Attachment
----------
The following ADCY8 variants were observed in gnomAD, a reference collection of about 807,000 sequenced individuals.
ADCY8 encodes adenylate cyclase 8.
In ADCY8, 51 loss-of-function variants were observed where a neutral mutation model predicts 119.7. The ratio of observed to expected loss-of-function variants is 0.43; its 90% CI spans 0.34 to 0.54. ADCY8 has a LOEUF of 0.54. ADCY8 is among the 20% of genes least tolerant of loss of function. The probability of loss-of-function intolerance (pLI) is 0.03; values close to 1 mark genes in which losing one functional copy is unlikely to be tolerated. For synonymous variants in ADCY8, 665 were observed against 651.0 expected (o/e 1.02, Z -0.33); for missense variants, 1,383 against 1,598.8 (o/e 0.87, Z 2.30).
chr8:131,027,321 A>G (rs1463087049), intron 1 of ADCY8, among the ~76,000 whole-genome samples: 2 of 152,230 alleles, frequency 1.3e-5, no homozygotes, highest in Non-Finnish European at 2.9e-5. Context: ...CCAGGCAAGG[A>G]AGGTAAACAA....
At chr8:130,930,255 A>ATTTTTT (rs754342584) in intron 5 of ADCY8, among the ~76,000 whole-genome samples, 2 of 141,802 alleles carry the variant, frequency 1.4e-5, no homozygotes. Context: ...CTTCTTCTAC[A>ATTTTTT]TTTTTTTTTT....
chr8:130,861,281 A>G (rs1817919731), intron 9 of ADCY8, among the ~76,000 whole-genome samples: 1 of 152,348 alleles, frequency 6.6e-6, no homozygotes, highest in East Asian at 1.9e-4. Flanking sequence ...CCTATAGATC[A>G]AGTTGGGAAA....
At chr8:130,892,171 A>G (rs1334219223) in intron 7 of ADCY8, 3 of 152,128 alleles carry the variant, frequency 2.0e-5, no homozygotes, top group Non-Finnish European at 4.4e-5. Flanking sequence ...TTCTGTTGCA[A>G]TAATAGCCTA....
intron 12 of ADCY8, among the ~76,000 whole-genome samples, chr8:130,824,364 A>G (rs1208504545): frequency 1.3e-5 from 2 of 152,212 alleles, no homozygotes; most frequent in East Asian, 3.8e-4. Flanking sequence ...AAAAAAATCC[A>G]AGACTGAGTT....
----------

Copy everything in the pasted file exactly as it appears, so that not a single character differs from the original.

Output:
The following ADCY8 variants were observed in gnomAD, a reference collection of about 807,000 sequenced individuals.
ADCY8 encodes adenylate cyclase 8.
In ADCY8, 51 loss-of-function variants were observed where a neutral mutation model predicts 119.7. The ratio of observed to expected loss-of-function variants is 0.43; its 90% CI spans 0.34 to 0.54. ADCY8 has a LOEUF of 0.54. ADCY8 is among the 20% of genes least tolerant of loss of function. The probability of loss-of-function intolerance (pLI) is 0.03; values close to 1 mark genes in which losing one functional copy is unlikely to be tolerated. For synonymous variants in ADCY8, 665 were observed against 651.0 expected (o/e 1.02, Z -0.33); for missense variants, 1,383 against 1,598.8 (o/e 0.87, Z 2.30).
chr8:131,027,321 A>G (rs1463087049), intron 1 of ADCY8, among the ~76,000 whole-genome samples: 2 of 152,230 alleles, frequency 1.3e-5, no homozygotes, highest in Non-Finnish European at 2.9e-5. Context: ...CCAGGCAAGG[A>G]AGGTAAACAA....
At chr8:130,930,255 A>ATTTTTT (rs754342584) in intron 5 of ADCY8, among the ~76,000 whole-genome samples, 2 of 141,802 alleles carry the variant, frequency 1.4e-5, no homozygotes. Context: ...CTTCTTCTAC[A>ATTTTTT]TTTTTTTTTT....
chr8:130,861,281 A>G (rs1817919731), intron 9 of ADCY8, among the ~76,000 whole-genome samples: 1 of 152,348 alleles, frequency 6.6e-6, no homozygotes, highest in East Asian at 1.9e-4. Flanking sequence ...CCTATAGATC[A>G]AGTTGGGAAA....
At chr8:130,892,171 A>G (rs1334219223) in intron 7 of ADCY8, 3 of 152,128 alleles carry the variant, frequency 2.0e-5, no homozygotes, top group Non-Finnish European at 4.4e-5. Flanking sequence ...TTCTGTTGCA[A>G]TAATAGCCTA....
intron 12 of ADCY8, among the ~76,000 whole-genome samples, chr8:130,824,364 A>G (rs1208504545): frequency 1.3e-5 from 2 of 152,212 alleles, no homozygotes; most frequent in East Asian, 3.8e-4. Flanking sequence ...AAAAAAATCC[A>G]AGACTGAGTT....